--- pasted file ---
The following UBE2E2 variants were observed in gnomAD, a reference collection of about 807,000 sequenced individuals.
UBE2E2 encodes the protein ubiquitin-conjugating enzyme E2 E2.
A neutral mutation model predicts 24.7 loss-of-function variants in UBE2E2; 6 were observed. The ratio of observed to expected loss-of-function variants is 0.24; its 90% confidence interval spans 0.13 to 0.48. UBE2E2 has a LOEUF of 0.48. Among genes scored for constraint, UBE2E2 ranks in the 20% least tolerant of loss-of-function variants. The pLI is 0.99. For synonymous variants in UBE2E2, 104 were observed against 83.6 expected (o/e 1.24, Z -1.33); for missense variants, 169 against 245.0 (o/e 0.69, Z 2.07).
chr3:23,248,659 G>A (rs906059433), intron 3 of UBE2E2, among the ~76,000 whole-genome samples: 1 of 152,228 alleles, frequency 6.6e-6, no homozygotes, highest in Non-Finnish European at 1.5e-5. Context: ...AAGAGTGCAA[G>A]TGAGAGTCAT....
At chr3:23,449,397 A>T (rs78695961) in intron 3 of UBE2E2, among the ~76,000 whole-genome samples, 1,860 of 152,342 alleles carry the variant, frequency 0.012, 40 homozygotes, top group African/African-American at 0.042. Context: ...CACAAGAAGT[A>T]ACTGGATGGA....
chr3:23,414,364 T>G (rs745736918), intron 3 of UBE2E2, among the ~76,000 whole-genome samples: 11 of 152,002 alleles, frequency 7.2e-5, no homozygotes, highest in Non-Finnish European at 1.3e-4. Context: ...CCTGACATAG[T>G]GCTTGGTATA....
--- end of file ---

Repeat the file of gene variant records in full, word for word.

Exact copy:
The following UBE2E2 variants were observed in gnomAD, a reference collection of about 807,000 sequenced individuals.
UBE2E2 encodes the protein ubiquitin-conjugating enzyme E2 E2.
A neutral mutation model predicts 24.7 loss-of-function variants in UBE2E2; 6 were observed. The ratio of observed to expected loss-of-function variants is 0.24; its 90% confidence interval spans 0.13 to 0.48. UBE2E2 has a LOEUF of 0.48. Among genes scored for constraint, UBE2E2 ranks in the 20% least tolerant of loss-of-function variants. The pLI is 0.99. For synonymous variants in UBE2E2, 104 were observed against 83.6 expected (o/e 1.24, Z -1.33); for missense variants, 169 against 245.0 (o/e 0.69, Z 2.07).
chr3:23,248,659 G>A (rs906059433), intron 3 of UBE2E2, among the ~76,000 whole-genome samples: 1 of 152,228 alleles, frequency 6.6e-6, no homozygotes, highest in Non-Finnish European at 1.5e-5. Context: ...AAGAGTGCAA[G>A]TGAGAGTCAT....
At chr3:23,449,397 A>T (rs78695961) in intron 3 of UBE2E2, among the ~76,000 whole-genome samples, 1,860 of 152,342 alleles carry the variant, frequency 0.012, 40 homozygotes, top group African/African-American at 0.042. Context: ...CACAAGAAGT[A>T]ACTGGATGGA....
chr3:23,414,364 T>G (rs745736918), intron 3 of UBE2E2, among the ~76,000 whole-genome samples: 11 of 152,002 alleles, frequency 7.2e-5, no homozygotes, highest in Non-Finnish European at 1.3e-4. Context: ...CCTGACATAG[T>G]GCTTGGTATA....